Every once in a while, I wake up and find myself ruminating about my “perfect” pre-illness life. There’s nothing wrong with enjoying fond memories of the past, but that's different from putting that past on a pedestal and convincing ourselves that life was perfect for us then—or even near perfect. When I find myself doing this, I think about this proverb and then try to get on with the day that’s unfolding before me. Or, I take a refresher course by re-reading my own article that cautions us to beware of “Good Old Days Syndrome.”

10. Listen to your body.

If it's telling you to stop visiting, find a way to stop visiting. If it's telling you that a slow walk around the neighborhood would feel good, take that walk. Before I got sick, I hardly ever listened to my body. Now it has my ear all the time.

11. Plan ahead. Plan ahead. Plan ahead.

It's a tremendous strain on my illness when I find myself stuck in a situation because I didn't plan ahead. I plan ahead for everything now. No, it's not fun, but it can keep my symptoms from flaring: Should I take a pillow for my back because I may be stuck in the waiting room at the doctor's office for a long time? Should I clean the kitchen over four days, dividing up the tasks into chunks that my body can handle? Should I give my friend a set time to end our visit so it doesn't go on longer than I can handle? Yes, I've lost a lot of spontaneity in my life, but it's a necessary "side-effect" of being chronically ill.

12. Look for ways to help others.

It's not unusual for us to turn our focus inward to our sick and pain-filled bodies. This is understandable and, at times, very skillful because we want to do everything we can to find the most beneficial treatments and maximize our functionality. But turning our attention away from our health concerns and reaching out to others can relieve some of the mental anguish that accompanies focusing exclusively on our ailing bodies.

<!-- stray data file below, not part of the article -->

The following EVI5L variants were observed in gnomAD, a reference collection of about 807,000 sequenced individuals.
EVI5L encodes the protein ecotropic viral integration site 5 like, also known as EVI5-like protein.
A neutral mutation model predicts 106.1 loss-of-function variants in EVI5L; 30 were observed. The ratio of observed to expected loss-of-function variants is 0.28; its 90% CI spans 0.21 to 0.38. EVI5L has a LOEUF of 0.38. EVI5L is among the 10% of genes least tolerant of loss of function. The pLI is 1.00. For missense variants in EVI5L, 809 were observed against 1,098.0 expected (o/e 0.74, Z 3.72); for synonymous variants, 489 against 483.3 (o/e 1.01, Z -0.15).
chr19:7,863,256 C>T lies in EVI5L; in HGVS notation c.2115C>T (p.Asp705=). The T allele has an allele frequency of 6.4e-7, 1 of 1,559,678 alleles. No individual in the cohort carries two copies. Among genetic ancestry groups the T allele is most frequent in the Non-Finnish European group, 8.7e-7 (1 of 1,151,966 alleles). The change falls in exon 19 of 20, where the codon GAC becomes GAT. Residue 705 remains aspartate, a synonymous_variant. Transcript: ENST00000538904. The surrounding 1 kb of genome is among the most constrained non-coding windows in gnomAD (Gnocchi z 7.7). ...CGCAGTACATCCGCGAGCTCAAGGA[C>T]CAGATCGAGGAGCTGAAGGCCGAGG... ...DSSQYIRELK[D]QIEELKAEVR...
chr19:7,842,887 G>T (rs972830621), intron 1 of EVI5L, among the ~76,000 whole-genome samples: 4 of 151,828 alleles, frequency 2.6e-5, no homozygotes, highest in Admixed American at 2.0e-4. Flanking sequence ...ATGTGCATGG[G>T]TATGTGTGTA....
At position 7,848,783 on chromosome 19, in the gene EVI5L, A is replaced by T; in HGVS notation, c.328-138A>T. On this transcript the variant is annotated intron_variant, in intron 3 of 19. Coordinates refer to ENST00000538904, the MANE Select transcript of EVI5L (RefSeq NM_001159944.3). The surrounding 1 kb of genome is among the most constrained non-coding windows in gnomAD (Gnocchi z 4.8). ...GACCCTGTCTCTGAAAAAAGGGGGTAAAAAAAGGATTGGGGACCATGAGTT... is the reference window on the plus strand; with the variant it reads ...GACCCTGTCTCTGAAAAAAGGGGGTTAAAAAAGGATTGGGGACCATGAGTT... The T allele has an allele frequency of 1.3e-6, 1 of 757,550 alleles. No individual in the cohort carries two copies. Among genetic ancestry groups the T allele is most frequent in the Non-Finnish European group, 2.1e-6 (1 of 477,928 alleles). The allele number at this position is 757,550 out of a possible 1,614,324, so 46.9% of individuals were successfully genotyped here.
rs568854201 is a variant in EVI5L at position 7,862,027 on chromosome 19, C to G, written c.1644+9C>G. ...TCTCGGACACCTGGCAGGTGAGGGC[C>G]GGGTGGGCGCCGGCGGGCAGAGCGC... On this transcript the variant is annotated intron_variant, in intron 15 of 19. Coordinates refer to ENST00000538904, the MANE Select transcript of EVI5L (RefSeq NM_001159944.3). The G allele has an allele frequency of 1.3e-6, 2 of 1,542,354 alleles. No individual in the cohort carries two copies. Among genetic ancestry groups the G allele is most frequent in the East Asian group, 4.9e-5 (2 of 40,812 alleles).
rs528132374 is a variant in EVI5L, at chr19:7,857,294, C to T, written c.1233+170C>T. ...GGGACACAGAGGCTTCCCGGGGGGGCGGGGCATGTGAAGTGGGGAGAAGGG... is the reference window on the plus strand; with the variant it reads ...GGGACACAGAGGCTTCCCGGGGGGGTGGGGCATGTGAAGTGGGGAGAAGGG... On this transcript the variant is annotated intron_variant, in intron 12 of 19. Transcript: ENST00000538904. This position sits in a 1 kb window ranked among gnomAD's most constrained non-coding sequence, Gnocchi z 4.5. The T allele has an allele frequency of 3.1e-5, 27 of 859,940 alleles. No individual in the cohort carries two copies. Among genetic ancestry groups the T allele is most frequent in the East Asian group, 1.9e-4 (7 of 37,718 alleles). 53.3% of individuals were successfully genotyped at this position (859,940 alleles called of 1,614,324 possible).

13. When all else fails, go to bed.

This tip Is not original to me. I learned it about ten years ago from Bruce Campbell at his terrific website called CFIDS and Fibromyalgia Self-Help.

For me, it was a great tip then, and it’s a great tip now.

***

Those are my 13 Tips. I wonder what this upcoming year has in store for me...

© 2014 Toni Bernhard www.tonibernhard.com

Thank you for reading my work. My most recent book is titled How to Wake Up: A Buddhist-Inspired Guide to Navigating Joy and Sorrow.

I'm also the author of the award-winning How to Be Sick: A Buddhist-Inspired Guide for the Chronically Ill and their Caregivers

Using the envelope icon, you can email this piece to others. To receive an email the next time I post, click here. I'm active on FacebookPinterest, and (to a lesser extent) Twitter.

Toni Bernhard, J.D., is a former law professor at University of California at Davis. She wrote the award-winning How to Be Sick and, recently, How to Wake Up.